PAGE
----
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Money is Not Wealth

After many years – some would say perhaps 80 – of being inundated with Keynesian theories, it seems that more and more people are coming around to the idea that the aggregation model is severely limited.  Especially in light of the recent financial crisis, which has seen many of the seemingly all-important economic indicators bounce back completely without a comcomitant bounce-back in real wealth, mainline Keynesianism has come under increased scrutiny of late.  Over at Reason, Tim Cavanaugh has an article called “Savers Hate America” that addresses this very topic.  A quote:

Without more consumers flushing ever larger numbers of devalued dollars down ever greater numbers of drains, the Fed’s bubble-centered growth strategy (or for that matter the Treasury Department’s own trillions in fiscal stimulus) is a bust.

That this is the same pneumatic strategy employed by Bernanke’s predecessor—and by secretaries of the Treasury long before Tim Geithner—does not mean it makes any sense. As Mark Skousen argued last year, economic growth proceeds from value, savings, and investment. Follow a strategy of spurring and riding the American consumer and you’ll just end up continuing a succession of bubbles: from energy to real estate to financial services to dotcoms to real estate again and now (possibly) back to financial services.

…In the Keynesian universe of policy-making, boosting “aggregate demand” is the only goal, and economic activity, no matter how frenzied or nonsensical, is the only tool.


The key question, of course, is not whether economic indicators are rising.  Saying the GDP went up by x%, or the S&P 500 index rose by y% is just as irrelevant as saying “the recession is over because I have found a job.”  This is the case because, according to the real world if not to macroeconomists, money is not wealthMoney is related to wealth.  (Note that I am still thinking in material terms here; I have no idea how to quantify health, happiness, love, etc., and so I am leaving them out of my definition.  Nonetheless, the principle still holds.)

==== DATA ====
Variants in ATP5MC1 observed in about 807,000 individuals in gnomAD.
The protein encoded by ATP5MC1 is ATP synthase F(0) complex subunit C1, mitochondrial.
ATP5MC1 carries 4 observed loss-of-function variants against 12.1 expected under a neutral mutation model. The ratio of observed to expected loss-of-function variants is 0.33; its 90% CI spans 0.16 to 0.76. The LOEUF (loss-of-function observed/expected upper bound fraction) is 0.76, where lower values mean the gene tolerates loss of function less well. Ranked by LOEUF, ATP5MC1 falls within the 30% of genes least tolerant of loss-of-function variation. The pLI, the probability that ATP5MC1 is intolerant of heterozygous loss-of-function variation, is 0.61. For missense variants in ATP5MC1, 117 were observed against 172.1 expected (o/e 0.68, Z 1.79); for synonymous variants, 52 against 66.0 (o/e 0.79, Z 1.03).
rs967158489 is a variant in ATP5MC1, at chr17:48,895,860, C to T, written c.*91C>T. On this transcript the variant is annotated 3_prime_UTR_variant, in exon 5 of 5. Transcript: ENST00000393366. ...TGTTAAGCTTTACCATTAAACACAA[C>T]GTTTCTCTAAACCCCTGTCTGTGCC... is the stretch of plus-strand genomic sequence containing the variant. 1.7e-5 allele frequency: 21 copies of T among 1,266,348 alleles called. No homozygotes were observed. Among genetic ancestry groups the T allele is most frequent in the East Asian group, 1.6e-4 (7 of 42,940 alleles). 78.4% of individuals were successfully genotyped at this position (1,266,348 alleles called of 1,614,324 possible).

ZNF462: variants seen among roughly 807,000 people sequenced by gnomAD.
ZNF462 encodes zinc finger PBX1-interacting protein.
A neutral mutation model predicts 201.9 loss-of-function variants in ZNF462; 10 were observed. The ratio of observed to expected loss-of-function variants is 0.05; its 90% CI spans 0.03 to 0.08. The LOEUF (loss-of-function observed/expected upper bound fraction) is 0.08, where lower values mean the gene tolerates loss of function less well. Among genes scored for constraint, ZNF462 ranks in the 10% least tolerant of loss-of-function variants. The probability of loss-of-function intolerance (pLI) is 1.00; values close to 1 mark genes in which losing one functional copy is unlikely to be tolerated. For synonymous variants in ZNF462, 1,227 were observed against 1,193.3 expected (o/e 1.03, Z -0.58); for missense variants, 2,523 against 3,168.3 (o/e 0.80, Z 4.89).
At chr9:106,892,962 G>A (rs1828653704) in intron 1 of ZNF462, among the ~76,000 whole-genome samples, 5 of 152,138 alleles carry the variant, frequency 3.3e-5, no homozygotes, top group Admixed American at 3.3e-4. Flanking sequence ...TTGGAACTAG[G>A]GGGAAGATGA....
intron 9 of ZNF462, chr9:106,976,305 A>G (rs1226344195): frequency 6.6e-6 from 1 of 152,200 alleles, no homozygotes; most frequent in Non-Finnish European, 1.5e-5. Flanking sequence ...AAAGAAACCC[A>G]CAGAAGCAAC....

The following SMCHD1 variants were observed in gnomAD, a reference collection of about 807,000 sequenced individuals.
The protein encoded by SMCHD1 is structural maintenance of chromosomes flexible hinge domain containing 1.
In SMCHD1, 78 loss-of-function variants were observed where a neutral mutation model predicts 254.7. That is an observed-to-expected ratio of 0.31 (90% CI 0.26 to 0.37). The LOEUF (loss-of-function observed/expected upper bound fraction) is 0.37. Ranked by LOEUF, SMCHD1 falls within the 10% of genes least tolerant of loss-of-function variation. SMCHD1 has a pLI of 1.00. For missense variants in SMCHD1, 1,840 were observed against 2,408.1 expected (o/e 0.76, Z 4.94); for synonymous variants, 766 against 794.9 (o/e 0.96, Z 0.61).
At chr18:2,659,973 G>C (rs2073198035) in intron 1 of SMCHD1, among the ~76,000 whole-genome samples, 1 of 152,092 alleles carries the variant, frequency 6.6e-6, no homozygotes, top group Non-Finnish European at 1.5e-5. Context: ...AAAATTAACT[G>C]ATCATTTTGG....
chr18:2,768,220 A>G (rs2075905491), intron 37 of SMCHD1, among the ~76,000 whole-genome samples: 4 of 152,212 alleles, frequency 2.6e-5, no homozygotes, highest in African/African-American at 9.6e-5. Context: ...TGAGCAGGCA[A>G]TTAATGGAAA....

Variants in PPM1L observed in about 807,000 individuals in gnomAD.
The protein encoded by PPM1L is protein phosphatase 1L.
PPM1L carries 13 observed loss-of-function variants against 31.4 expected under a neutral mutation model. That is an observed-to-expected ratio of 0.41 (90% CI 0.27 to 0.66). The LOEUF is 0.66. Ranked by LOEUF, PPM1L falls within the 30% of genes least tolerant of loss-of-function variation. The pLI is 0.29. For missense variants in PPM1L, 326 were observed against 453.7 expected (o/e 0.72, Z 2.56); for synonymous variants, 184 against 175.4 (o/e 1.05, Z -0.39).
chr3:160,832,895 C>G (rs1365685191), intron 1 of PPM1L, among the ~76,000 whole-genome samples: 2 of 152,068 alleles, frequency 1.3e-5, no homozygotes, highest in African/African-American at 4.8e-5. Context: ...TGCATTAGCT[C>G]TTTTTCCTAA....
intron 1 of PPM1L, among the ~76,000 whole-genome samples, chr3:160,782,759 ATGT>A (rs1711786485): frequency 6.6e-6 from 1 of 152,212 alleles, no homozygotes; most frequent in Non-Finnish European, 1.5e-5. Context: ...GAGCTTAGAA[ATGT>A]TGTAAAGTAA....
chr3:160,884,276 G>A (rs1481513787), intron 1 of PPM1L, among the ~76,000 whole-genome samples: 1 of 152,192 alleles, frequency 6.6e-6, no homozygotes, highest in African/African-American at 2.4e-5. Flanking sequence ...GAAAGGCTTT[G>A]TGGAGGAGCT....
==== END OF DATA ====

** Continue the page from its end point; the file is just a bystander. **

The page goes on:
Consider a scenario wherein GDP rises by roughly 3% (this may be considered similar to our current situation, but I am taking liberties).  If concurrent inflation rates top 3%, the public experiences a real wealth reduction, all else being equal.  However, all else may not be equal – although GDP is rising unemployment may not be budging, companies may be sitting on cash due to regime uncertainty and hostile tax policy, and investment may be stagnating.  However, if spending in nominal dollars increases the GDP figure, many macroeconomists will simply declare victory and head to happy hour.

Of course, the idea that consumption spending growth “helps” the economy is based on a misreading of what spending means.  The shifts between consumption and investment merely indicate time preferences; however if your entire macroeconomic strategy involves goosing spending numbers, you’ll do whatever it takes to shift people’s time preferences to the here and now, even if it means destroying the value of the currency and their savings.

Ultimately, it is easy to lose sight of what wealth is if we allow ourselves to be dazzled by economic indicators that change by the second and often amount to nothing but static in the economic signal.  Wealth is rising standards of living, availability of goods and services that previously were not, and yes, falling real prices.  It does nobody any good to hand out dollars while cutting the dollar’s value, but a singular focus on aggregate demand, GDP, and other minor indicators obscures the relationship between the dollar and actual, real-life wealth.

It is encouraging to see so many beginning to question this.


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